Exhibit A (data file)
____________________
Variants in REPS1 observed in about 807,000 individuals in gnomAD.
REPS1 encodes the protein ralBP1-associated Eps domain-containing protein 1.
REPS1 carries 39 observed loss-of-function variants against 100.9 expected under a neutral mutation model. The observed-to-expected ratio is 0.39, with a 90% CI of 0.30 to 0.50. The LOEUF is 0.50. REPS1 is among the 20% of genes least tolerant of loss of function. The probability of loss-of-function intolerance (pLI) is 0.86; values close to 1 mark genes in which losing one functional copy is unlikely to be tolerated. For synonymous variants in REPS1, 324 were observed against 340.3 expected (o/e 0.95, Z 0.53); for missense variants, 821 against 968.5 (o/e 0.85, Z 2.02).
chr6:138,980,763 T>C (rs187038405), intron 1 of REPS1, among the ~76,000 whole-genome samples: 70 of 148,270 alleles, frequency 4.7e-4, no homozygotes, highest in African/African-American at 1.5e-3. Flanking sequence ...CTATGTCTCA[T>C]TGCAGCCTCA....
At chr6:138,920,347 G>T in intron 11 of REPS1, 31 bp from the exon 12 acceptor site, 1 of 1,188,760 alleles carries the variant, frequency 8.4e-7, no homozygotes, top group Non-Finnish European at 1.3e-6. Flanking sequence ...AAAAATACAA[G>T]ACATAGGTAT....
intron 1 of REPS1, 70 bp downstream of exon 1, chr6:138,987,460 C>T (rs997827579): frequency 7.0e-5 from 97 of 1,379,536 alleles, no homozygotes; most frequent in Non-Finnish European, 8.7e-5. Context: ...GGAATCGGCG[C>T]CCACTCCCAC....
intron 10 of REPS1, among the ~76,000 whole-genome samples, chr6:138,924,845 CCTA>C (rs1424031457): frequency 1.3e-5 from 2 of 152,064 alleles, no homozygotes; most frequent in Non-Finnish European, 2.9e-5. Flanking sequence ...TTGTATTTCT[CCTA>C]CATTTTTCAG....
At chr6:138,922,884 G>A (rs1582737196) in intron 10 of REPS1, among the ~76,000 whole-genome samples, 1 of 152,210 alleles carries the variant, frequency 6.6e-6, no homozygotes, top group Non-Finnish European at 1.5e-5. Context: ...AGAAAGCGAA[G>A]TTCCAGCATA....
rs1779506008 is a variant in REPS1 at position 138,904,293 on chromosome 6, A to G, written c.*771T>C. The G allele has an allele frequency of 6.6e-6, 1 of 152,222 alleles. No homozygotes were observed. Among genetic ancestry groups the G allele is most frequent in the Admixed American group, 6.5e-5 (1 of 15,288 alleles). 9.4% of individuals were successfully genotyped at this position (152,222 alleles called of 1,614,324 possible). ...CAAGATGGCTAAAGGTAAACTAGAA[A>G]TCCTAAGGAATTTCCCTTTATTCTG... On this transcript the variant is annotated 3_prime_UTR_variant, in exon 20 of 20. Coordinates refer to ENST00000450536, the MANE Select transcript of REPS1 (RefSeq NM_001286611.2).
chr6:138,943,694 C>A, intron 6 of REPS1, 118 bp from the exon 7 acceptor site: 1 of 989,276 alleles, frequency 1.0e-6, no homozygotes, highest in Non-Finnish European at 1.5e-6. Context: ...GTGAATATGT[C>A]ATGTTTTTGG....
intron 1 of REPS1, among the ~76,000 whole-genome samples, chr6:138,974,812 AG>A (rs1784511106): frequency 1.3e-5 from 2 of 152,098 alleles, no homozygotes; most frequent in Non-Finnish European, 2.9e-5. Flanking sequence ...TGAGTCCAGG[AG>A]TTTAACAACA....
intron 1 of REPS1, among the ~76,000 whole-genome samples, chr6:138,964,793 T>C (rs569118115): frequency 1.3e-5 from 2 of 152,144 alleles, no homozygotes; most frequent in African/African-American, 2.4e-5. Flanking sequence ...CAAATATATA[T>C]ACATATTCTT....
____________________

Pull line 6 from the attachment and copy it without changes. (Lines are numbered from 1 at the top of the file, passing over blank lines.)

intron 1 of REPS1, 70 bp downstream of exon 1, chr6:138,987,460 C>T (rs997827579): frequency 7.0e-5 from 97 of 1,379,536 alleles, no homozygotes; most frequent in Non-Finnish European, 8.7e-5. Context: ...GGAATCGGCG[C>T]CCACTCCCAC....